Struggling artist Geoffrey Carroll meets Sally whilst on holiday in the country. A romance develops but he doesn't tell her he's already married. Suffering from mental illness, Geoffreyy ... See full summary »
In the South Seas, Val Stevens and Lucille Gordon are getting married when a ship goes down offshore. Val rescues Captain Deever and passenger Eric Blacke. Later Eric saves Val from an ... See full summary »
Three time loser Duke Berne risks life in prison with one more armored car robbery. His attorney's wife Lorna, Berne's old sweetheart, keeps him from it but he goes to jail anyway. Duke and... See full summary »
Soldier of fortune Maxton is stranded in a Central American country. He and Tom, the nephew of the country's richest man, try to end Morloff's banditry but just barely escape a firing squad. They become rivals for Rosita.
A man in priestly robes, seemingly the long-awaited Father O'Shea, arrives at a little-frequented Catholic mission in 1947 China. Though the man seems curiously uncomfortable with his priestly duties, his tough tactics prove very successful in the Seven Villages, as around them China disintegrates in civil war and revolution. But he has a secret, and his friendship with mission nurse Anne (an attractive war widow) seems to be taking on an unpriestly tone... Written by
Rod Crawford <email@example.com>
This film unites Victor Sen Young with Benson Fong. They played #2 son Jimmy Chan and #3 son Tommy Chan in the long running Charlie Chan series. Interestingly they never appeared together in any of the Chan films and later in the series for some unknown reason, the producers changed Sen Young's character's name to Tommy Chan. See more »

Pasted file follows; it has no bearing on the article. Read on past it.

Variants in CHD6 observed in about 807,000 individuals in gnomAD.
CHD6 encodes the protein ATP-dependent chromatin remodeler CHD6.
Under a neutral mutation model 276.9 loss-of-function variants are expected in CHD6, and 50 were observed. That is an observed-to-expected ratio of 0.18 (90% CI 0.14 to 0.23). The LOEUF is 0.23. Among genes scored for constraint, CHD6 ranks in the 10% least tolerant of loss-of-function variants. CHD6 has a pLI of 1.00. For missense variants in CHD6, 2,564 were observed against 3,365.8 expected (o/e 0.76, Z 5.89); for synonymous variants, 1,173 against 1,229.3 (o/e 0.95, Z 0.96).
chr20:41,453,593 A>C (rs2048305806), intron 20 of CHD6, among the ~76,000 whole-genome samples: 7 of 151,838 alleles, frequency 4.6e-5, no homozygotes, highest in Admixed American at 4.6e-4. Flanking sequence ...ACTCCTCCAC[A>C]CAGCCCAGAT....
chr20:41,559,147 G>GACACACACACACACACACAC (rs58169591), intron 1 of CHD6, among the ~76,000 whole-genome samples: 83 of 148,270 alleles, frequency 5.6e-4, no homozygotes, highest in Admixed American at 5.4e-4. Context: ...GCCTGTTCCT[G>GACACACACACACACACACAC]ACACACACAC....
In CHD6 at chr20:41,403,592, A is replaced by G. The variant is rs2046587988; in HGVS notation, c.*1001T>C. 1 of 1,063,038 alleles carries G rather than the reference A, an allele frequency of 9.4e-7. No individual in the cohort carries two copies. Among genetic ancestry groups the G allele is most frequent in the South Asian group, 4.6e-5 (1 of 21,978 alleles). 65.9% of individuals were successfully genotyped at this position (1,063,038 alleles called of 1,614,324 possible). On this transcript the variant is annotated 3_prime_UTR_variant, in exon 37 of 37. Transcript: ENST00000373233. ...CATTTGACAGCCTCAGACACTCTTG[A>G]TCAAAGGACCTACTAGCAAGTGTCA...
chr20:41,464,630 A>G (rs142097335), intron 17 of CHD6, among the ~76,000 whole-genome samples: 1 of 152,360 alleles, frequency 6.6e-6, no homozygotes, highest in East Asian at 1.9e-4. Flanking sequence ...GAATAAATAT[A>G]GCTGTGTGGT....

Throughout the climactic confrontation as Carmody and Mieh Yang sit next to each other, Mieh Yang's bald head shifts repeatedly between sunshine and shadow. See more »
Great movie stars are rarely great actors. But they are people who exude elements of humanity, which we'd like to possess- John Wayne's toughness, Sharon Stone's glamour, Gary Cooper's inner silence, or Michael Douglas's ruthlessness. More unique than acting talent, Humphrey Bogart's element was that of hardened sinner whose inner spark of decency wasn't entirely subsumed. In this Cinemascope/colour movie, where Bogie's late-night drinking and myriad of broken marital relationships was visibly etched upon every facial crevice, the idea that he could pass himself off as a priest was ludicrous. But THE LEFT HAND OF GOD never demands that of him- nor us.
It makes instead, the not impossible proposition that a simple, remote Chinese community traumatised by marauders might presume Bogie to be the 'priest of Christ' they so anxiously await. We the audience, are privy to who Bogey is and still is. His un-Godly skill, which ultimately saves the mission from General Yang's terror, is entirely in character.
The Catholic theology was also dead on. Those whom Bogie absolved, married and buried were spiritually exonerated by the very innocence we moviegoers cannot share about Bogart. The power of the central argument of William Barrett's much dissipated novel, in spite of -or maybe because of, 50's Hollywood formulaic moviemaking- is somehow preserved.
The repetitious references to Bogey as 'the priest of Christ' and the ingenuous children's enigmatic broken-English farewell of 'Oole Kantackee Hom,' also persuade. We know Bogey must leave, and that he is redeemed in spite of himself. Even Bogie doesn't know that. We now also know that this life-scarred, bloodshot, poker-playing sceptic received a fair Hearing- after dying from throat cancer less than two years later on January 14th 1957 -at least from the left Hand Side of his Maker.
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